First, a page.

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the Lord, by publishing some letters to a friend with whom I was brought acquainted in rather a singular manner, which I considered as a truly kind providence, it having been the means of establishing my mind more firmly in the belief of this precious truth—That the Lord worketh all things in this world after the counsel of his own will;—that no individual motion or circumstance ever takes place in time, but what is according to the decree and purpose of God from everlasting, as the scriptures abundantly declare. “And hath made of one blood all nations of men for to dwell on all the face of the earth, and hath determined the times before appointed, and the bounds of their habitation;" Acts xvii. 26. " Are not two sparrows sold for a farthing ? and one of them shall not fall to the ground without your FatherBut the very hairs of your head are all numbered. Fear ye not therefore, ye are of more value than many sparrows;" Matt. x. 29–31. “ There shall not a hair of your head. perish;" Luke xii. 25. If then not a sparrow falls to the ground, nor a hair of our heads, without our heavenly Father's leave, much more is that benefit, that one saint often receives by the instrumentality of another, according to the Lord's eternal purpose and particular appointment; and indeed every thing is the subject of the special providence of God.- The king of Babylon was brought to confess this after living seven years as a beast, and being then restored to his faculties and kingdom; " I blessed the most


High, and I praised and honoured him that liveth for ever, whose dominion is an everlasting doninion, and his kingdom is from generation to generation; and all the inhabitants of the earth are reputed as nothing; and he doeth according to his will in the army of heaven, and among the inhabitants of the earth; and none can stay his hand, or say unto him, What doest thou ?” Daniel iv. 34, 35. Nothing comes to pass but by the particular appointment and ordination of God. And what one of our good old Bishops said upon this subject, I consider so truly precious, that I cannot pass it without insertion.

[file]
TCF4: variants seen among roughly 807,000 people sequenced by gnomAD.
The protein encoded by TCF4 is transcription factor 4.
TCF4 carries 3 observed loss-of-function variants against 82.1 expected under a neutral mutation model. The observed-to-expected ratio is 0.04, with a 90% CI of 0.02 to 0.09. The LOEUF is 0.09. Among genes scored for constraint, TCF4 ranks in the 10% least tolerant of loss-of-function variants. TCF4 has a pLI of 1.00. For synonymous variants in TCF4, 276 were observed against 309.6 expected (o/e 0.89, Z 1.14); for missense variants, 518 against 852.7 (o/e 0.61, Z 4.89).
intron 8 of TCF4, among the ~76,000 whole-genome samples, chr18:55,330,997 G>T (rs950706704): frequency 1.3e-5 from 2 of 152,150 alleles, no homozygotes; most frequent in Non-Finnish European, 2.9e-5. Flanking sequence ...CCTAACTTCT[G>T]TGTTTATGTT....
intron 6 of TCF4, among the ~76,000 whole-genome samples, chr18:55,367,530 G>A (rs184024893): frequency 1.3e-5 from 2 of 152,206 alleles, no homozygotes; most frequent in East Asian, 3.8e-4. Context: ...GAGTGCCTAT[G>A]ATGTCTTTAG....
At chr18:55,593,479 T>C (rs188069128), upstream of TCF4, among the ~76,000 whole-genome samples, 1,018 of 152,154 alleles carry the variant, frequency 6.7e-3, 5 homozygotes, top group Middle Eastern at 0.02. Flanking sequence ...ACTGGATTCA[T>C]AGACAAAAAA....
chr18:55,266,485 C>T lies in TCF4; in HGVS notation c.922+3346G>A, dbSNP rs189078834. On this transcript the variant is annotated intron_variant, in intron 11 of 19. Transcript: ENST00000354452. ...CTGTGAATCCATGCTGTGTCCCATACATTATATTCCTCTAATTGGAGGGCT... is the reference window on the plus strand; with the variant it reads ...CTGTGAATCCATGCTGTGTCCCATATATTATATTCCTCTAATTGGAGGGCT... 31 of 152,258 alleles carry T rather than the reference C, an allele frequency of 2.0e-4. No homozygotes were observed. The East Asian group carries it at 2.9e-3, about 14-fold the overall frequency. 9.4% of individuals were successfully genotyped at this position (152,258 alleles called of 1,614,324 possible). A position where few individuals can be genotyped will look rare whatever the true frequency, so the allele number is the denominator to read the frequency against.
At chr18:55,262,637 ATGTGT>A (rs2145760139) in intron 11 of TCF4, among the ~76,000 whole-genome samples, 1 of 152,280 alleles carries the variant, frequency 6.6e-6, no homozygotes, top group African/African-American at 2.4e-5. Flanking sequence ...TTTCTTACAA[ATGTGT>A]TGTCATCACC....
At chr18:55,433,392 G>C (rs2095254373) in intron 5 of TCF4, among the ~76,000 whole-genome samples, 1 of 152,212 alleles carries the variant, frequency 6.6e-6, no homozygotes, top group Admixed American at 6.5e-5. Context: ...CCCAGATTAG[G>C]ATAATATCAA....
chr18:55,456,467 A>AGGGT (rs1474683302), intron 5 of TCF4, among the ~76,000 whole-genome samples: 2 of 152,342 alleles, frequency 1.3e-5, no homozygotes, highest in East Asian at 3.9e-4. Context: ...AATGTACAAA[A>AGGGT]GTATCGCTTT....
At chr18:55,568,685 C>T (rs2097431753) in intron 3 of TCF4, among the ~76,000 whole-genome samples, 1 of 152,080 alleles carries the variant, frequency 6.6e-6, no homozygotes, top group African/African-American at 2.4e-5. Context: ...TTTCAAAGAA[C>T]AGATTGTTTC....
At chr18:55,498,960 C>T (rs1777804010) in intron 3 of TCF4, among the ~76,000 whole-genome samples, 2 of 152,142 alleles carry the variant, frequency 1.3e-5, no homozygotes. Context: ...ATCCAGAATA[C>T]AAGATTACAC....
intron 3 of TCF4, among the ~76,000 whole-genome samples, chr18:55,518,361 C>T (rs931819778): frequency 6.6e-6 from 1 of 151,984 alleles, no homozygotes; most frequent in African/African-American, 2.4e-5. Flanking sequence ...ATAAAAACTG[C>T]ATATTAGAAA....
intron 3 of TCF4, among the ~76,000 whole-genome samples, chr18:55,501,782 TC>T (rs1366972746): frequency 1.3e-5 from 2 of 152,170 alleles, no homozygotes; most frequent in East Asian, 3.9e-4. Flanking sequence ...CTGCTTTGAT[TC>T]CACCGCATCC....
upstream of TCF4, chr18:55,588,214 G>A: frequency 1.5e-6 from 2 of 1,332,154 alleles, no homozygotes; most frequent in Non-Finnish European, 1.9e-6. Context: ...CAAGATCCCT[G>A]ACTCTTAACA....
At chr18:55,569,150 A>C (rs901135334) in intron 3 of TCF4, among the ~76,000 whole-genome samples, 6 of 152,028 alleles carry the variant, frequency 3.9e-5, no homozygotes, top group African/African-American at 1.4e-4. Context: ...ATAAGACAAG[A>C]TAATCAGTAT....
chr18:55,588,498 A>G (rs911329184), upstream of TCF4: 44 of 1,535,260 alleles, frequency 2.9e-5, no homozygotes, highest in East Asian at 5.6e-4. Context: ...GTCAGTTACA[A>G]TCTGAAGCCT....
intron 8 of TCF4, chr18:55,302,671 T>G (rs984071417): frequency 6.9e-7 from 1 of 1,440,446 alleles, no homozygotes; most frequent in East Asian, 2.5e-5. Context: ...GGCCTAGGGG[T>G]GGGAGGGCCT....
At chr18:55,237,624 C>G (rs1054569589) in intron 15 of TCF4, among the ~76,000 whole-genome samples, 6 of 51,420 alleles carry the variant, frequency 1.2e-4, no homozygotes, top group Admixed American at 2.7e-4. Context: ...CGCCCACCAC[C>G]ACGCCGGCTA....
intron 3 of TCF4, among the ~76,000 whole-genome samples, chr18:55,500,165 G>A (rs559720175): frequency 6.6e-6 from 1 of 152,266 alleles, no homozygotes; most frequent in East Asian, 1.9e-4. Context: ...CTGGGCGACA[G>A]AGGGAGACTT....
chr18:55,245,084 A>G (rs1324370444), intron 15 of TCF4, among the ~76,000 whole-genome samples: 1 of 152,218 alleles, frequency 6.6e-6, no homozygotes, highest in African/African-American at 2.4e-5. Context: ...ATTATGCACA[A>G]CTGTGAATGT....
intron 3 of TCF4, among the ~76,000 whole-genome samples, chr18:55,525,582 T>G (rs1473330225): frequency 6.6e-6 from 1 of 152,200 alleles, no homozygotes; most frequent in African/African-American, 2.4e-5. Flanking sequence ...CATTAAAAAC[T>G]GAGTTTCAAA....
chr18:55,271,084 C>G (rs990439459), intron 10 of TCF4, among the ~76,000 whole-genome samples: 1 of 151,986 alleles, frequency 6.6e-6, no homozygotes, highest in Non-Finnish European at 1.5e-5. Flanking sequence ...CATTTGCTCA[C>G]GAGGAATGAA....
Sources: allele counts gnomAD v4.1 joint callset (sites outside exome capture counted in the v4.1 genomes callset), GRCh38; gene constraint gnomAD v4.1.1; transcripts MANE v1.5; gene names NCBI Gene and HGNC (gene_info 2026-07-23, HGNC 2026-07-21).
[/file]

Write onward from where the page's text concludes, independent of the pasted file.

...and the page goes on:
“A sparrow, whose price is but mean, two of them valued at a farthing, which somre make to be the tenth part of a Roman penny, and was certainly one of their least coins; whose life therefore is but contemptible, and whose flight seems but giddy and at random; yet it falls not to the ground, neither lights any where, without your Father. His all-wise providence hath before appointed what bough it shall pitch on, what grains it shall pick up, where it shall lodge, and where it shall build; on what it shall live, and when it shall die.-And, if your Father's providence be so critical about the small concerns even of sparrows, fear not ye, for you are of more value than many sparrows; yea, of more value than many men.Our Saviour adds, “ The very hairs of your head are all numbered.” God keeps an account even of that stringy excrement; he knows how many

fall off, and the precise number that remain.“ Hence we learn that God governs the meapest, the most inconsiderable and contemptible occurrences in the world, by an exact and particular providence.-Do you see a thousand little atoms wandering up and down in a sunbeam ? It is God that so peoples it, and he guides their innumerable and irregular strayings. Not a dust flies in a beaten road, but God raiseth it, conducts its uncertain motion, and by his particular care conveys it to the certain place he had before appointed for it; nor shall the most fierce and tempestuous wind hurry it any further. And, if God's care and providence reach thus to those minute things which are but as it were the circumstances of nature, and little accessaries to the world, certainly man, who is the head and lord of it, for whose sake and service other creatures were formed, may very well be confident that God exerciseth an especial and most accurate providence over him and all his affairs. Again-Each fly and worm, as well as man (who is but the greater worm of the two,) hath a work to do in the world, and till that be finished God sustains its being; nor shall the weakest creature be destroyed within the prefixed time that God hath set for its duration.-Now, by this almighty providence God overrules and sways all things to his own glory. There is nothing comes to pass but God hath his ends in it, and will certainly make his own ends out of it. Though the world seems to run at random, and